INDEPENDENCE -- Who's afraid of ghosts?
Not Victoria Cedillo and Emily Farley. Best friends and neighbors, they often get together to watch spine-tingling television.
Once, when Victoria's softball team was at Speakeasy, the infamous mannequins there were "watching."
"Really, it's true," confirmed Victoria as she waited in the crisp, crowded darkness Sept. 27 to begin her Ghost Walk experience.
"We could feel someone watching us, and then there the mannequins were."
The Central High School freshmen fit right in with their fellow ghost walkers, a spirited mix of all ages gathered in front of Monmouth Hardware in anticipation of some spooky fun.
Who's afraid of ghosts? Not these folks.
"I always wanted something like this in Independence," said Farley as she sized up the tour guides floating through the crowd in antique garb.
As the clock struck 8 and the crowd swelled to about 300 it became clear this town has been holding a secret -- its love of the macabre.
"We were expecting 25 to 50 people," said Marilyn Morton, one of the organizers of the first-time event. "This is a huge surprise."
To make the tour more manageable, the crowd was divided into groups who would visit the haunts at spaced intervals.
First up was the Masonic Lodge, which dates its existence to the turn of the century. With its brick, wood and shadows, it's easy to see why ghosts are so comfortable there.
Climbing up a creaking staircase, the walkers stopped at the entrance to a second-floor room. Entering, they were met by darkness, save a lit altar in the center.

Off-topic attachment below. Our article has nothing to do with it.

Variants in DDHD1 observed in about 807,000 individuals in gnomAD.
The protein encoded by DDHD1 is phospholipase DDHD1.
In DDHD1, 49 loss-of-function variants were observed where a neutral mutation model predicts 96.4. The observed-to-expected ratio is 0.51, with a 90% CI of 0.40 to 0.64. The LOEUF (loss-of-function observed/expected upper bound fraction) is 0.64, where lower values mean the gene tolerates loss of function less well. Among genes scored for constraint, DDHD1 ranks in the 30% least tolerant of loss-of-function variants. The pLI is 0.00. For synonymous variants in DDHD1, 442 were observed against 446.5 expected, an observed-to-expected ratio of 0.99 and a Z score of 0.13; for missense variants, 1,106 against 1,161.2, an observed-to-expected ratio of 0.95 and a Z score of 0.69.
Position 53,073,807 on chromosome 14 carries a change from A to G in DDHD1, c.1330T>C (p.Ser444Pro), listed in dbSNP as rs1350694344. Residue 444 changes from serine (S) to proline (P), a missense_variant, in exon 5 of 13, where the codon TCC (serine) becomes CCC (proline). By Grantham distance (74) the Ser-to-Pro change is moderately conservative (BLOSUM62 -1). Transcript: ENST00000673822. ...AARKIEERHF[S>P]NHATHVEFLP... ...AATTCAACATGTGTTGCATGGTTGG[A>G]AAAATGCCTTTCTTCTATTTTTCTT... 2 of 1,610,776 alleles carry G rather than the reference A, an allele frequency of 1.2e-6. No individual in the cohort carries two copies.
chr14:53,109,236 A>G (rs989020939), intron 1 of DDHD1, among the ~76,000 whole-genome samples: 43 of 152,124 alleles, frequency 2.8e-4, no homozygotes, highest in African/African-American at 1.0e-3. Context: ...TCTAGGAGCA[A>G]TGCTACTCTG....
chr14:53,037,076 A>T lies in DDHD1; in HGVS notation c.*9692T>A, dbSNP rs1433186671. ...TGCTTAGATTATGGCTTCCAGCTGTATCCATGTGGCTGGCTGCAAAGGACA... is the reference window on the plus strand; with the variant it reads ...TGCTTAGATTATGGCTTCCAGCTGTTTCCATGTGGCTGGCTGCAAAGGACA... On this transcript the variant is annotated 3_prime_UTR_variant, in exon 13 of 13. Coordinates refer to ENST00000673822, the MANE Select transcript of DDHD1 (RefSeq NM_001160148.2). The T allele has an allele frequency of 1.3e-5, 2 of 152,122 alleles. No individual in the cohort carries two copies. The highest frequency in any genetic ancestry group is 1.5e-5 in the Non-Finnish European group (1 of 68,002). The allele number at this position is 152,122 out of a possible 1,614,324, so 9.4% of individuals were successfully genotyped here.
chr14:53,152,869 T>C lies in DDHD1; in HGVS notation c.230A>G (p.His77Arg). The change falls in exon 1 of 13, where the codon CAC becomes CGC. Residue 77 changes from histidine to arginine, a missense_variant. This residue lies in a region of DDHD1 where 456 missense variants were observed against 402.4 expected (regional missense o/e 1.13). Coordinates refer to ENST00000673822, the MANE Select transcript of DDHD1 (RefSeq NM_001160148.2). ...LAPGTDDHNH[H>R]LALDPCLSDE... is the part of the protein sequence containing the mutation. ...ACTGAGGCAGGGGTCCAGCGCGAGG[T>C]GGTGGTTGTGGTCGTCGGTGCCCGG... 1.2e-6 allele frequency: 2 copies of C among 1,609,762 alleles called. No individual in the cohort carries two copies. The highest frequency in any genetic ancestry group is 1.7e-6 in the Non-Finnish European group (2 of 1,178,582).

With her face lit up like a storyteller around a midnight campfire, Morton launched into the lodge's tale of many people hearing countless footsteps, from beyond and above the room.
Suddenly, there was a sound. Was it? Yes, it was footsteps!
Then she told of a pair of glowing eyes that have been seen on the stairway.
One young lady who was initiated into Job's Daughters in that room has her own tale to tell around the camp fire. Morton said the girl's initiation was attended by a spirit at her side and one who kept watch by the entrance.
"This has never been about something bad here," Morton added.
"These citings have always brought a sense of comfort, joy and protection."
Her words were echoed by Scott Freeman, who took the group over in another room of the building, a cozy yet spacious area with an authentic player piano and other era pieces.
"We've met many of the past residents of this building," Freeman said. "There's a lot of warmth here...people leave an imprint and that's what is here."
Somehow, when descending the staircase to head over to the hardware store, one gets the feeling that there's something more than one-dimensional faces looking back from a row of portraits at the landing...
That feeling doesn't go away when descending the 12 steps into the basement at the hardware store. As owner Dave Upton will tell you, it's not your imagination. He's got a ghost story of his own to tell.
"This isn't second-hand, this is my story," Upton tells his group of listeners. First, there's the matter of the aisles. For the 11 years that Upton has walked those aisles, he's got 11 years of items falling off the shelf as he walks by, falling and moving a considerable distance from the shelf.
"They don't end up in a spot where they could logically end up just by falling," he declared.
Then he revealed his trump of terror. Seems one day he was in the basement, cutting pipe.
"Like this," he said, demonstrating the tools and technique he used. Ever so carefully, ever so slowly and deftly, the heavy iron pipe floated through the air and tapped Upton on the back. Then, as he turned, Upton watched as the pipe was gently placed back on the floor.